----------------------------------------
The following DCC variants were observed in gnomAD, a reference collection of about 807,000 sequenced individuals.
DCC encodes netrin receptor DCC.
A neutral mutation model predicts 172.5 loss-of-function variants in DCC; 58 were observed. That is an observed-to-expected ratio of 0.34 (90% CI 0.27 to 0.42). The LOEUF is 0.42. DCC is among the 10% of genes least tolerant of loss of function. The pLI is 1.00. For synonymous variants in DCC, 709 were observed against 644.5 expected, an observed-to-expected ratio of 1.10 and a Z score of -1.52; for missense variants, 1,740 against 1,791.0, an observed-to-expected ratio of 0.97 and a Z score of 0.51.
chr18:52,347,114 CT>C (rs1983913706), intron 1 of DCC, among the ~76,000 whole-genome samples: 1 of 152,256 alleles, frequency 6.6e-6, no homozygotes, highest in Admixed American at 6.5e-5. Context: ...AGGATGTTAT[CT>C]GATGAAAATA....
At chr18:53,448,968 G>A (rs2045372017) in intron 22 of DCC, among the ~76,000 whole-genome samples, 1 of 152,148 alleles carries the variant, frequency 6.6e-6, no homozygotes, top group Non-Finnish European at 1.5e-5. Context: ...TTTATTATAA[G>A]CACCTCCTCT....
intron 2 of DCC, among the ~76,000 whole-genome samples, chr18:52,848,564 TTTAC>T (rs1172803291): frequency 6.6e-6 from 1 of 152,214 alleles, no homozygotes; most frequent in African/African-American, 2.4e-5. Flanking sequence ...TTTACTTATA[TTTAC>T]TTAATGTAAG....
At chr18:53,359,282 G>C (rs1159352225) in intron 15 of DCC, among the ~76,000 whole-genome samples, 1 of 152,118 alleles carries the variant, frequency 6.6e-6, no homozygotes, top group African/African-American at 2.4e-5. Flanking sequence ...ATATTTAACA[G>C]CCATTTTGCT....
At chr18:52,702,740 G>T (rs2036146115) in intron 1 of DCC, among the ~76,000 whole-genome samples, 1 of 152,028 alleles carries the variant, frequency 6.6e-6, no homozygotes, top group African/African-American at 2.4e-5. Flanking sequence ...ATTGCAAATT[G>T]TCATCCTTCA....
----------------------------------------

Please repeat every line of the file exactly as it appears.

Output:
The following DCC variants were observed in gnomAD, a reference collection of about 807,000 sequenced individuals.
DCC encodes netrin receptor DCC.
A neutral mutation model predicts 172.5 loss-of-function variants in DCC; 58 were observed. That is an observed-to-expected ratio of 0.34 (90% CI 0.27 to 0.42). The LOEUF is 0.42. DCC is among the 10% of genes least tolerant of loss of function. The pLI is 1.00. For synonymous variants in DCC, 709 were observed against 644.5 expected, an observed-to-expected ratio of 1.10 and a Z score of -1.52; for missense variants, 1,740 against 1,791.0, an observed-to-expected ratio of 0.97 and a Z score of 0.51.
chr18:52,347,114 CT>C (rs1983913706), intron 1 of DCC, among the ~76,000 whole-genome samples: 1 of 152,256 alleles, frequency 6.6e-6, no homozygotes, highest in Admixed American at 6.5e-5. Context: ...AGGATGTTAT[CT>C]GATGAAAATA....
At chr18:53,448,968 G>A (rs2045372017) in intron 22 of DCC, among the ~76,000 whole-genome samples, 1 of 152,148 alleles carries the variant, frequency 6.6e-6, no homozygotes, top group Non-Finnish European at 1.5e-5. Context: ...TTTATTATAA[G>A]CACCTCCTCT....
intron 2 of DCC, among the ~76,000 whole-genome samples, chr18:52,848,564 TTTAC>T (rs1172803291): frequency 6.6e-6 from 1 of 152,214 alleles, no homozygotes; most frequent in African/African-American, 2.4e-5. Flanking sequence ...TTTACTTATA[TTTAC>T]TTAATGTAAG....
At chr18:53,359,282 G>C (rs1159352225) in intron 15 of DCC, among the ~76,000 whole-genome samples, 1 of 152,118 alleles carries the variant, frequency 6.6e-6, no homozygotes, top group African/African-American at 2.4e-5. Flanking sequence ...ATATTTAACA[G>C]CCATTTTGCT....
At chr18:52,702,740 G>T (rs2036146115) in intron 1 of DCC, among the ~76,000 whole-genome samples, 1 of 152,028 alleles carries the variant, frequency 6.6e-6, no homozygotes, top group African/African-American at 2.4e-5. Flanking sequence ...ATTGCAAATT[G>T]TCATCCTTCA....